HC Deb 13 February 1964 vol 689 cc535-7
9. Lieut.-Colonel Cordeaux

asked the Minister of Power if he will give general directions in the public interest to the Electricity Council and the Gas Council not to demand repayment by householders of cash stolen from their electricity and gas meters unless satisfied that the money was stolen by the householders themselves.

Mr. Peyton

No, Sir. This is a matter which is best left to the discretion of the area boards.

Lieut-Colonel Cordeaux

Would not my hon. Friend agree that the householder concerned has no say at all about the theft-resisting qualities of the meter and has no control over the frequency of the clearances of the money which is in the meter? Under those circumstances, would he not agree that it is monstrous that any householder, rich or poor, should be required to make good this loss?

Mr. Peyton

My hon. and gallant Friend will bear in mind that the boards are entitled to do what they can to ensure the security of money belonging to them. I ought also to remind my hon. and gallant Friend that, if the boards are to carry the losses, those losses must ultimately be passed on to the consumer.

Sir B. Stross

Is not it a strange doctrine which the Parliamentary Secretary is offering to us? Surely if the householder has put his money in the meter he has given it to the Board, and once the money is in the meter, legally it does not belong to the householder but to the board? If the money is stolen, is not it the board's loss and not the householder's, who is now supposed to pay twice? That is a monstrous suggestion.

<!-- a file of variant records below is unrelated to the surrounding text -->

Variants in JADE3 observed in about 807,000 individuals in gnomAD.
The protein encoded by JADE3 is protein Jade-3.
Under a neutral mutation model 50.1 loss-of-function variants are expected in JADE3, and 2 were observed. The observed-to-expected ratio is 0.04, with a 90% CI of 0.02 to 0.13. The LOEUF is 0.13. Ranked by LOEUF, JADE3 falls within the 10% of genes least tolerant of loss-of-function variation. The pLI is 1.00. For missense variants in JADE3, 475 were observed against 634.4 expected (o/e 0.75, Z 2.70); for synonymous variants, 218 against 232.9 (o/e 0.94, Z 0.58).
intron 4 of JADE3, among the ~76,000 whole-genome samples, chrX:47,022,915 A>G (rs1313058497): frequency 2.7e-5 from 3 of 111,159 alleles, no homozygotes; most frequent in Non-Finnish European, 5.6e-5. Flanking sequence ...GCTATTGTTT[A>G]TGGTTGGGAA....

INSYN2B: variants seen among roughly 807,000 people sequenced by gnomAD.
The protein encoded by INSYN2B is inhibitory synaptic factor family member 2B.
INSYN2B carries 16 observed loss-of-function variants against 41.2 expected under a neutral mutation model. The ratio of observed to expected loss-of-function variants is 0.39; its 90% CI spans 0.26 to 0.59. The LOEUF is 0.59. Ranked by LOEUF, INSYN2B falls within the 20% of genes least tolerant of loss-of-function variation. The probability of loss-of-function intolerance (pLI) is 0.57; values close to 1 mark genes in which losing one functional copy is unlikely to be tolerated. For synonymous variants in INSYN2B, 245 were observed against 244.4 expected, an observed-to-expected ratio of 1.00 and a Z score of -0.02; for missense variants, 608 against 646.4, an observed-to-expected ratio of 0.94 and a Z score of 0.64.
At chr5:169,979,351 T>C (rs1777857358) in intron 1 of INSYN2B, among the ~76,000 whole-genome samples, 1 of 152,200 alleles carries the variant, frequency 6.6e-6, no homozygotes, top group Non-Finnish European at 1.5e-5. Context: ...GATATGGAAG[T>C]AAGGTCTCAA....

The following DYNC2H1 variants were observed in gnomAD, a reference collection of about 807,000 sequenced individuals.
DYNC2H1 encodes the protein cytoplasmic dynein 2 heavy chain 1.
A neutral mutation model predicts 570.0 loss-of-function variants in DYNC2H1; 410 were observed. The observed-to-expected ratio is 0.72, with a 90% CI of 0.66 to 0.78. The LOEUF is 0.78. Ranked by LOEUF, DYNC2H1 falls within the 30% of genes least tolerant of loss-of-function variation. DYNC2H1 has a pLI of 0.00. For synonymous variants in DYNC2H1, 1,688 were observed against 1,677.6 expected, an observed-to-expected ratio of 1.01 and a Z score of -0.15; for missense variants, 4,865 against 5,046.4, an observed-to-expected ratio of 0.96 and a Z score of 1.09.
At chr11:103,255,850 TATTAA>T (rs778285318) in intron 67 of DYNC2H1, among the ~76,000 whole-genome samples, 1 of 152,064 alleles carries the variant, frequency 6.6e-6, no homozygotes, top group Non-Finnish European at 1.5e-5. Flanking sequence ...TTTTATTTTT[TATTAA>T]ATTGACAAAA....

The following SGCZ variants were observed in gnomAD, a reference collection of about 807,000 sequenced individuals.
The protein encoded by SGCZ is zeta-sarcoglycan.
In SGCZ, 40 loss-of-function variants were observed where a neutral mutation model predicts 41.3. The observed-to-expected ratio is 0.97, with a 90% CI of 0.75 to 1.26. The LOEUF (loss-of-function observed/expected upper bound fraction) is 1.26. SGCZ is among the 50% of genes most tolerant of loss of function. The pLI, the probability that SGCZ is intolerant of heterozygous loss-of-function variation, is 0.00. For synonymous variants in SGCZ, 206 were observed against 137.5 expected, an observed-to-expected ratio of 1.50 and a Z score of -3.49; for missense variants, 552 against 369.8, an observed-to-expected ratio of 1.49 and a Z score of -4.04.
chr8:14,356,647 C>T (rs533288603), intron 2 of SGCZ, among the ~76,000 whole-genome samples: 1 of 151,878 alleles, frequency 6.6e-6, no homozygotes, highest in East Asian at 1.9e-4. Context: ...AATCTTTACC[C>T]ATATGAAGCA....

Mr. Peyton

It depends on the terms of the contract. Most boards expressly stipulate in their conditions of supply that, although money belongs to the board after being put into a meter, nevertheless the householder is to be responsible for its custody.

Mr. Carmichael

Does not the Parliamentary Secretary realise that both the Question and Answer are misleading? Is he aware that there have been such cases before the courts in Scotland, for instance at Paisley sheriff court, and it has been established that if the householder can prove that he is in no way responsible for the meter having been broken into, the board is responsible for the cash? Is he aware that that is on record?

Mr. Peyton

I am not responsible for the decisions of the courts, and I cannot answer for them in this House. The clear point I am making is that this is a matter which is better left to the discretion of the area boards, who make every attempt to deal with the question sympathetically, particularly in cases of hardship.

Mr. Holt

Will the Parliamentary Secretary say what freedom a householder has in deciding what are the terms of the contract to which the hon. Gentleman referred?

Mr. Peyton

That is not a matter for me. The terms of contracts are matters between the supplier and the consumer.

Lieut.-Colonel Cordeaux

In view of the unsatisfactory nature of the reply, I wish to give notice that I shall endeavour to raise the matter on the Adjournment.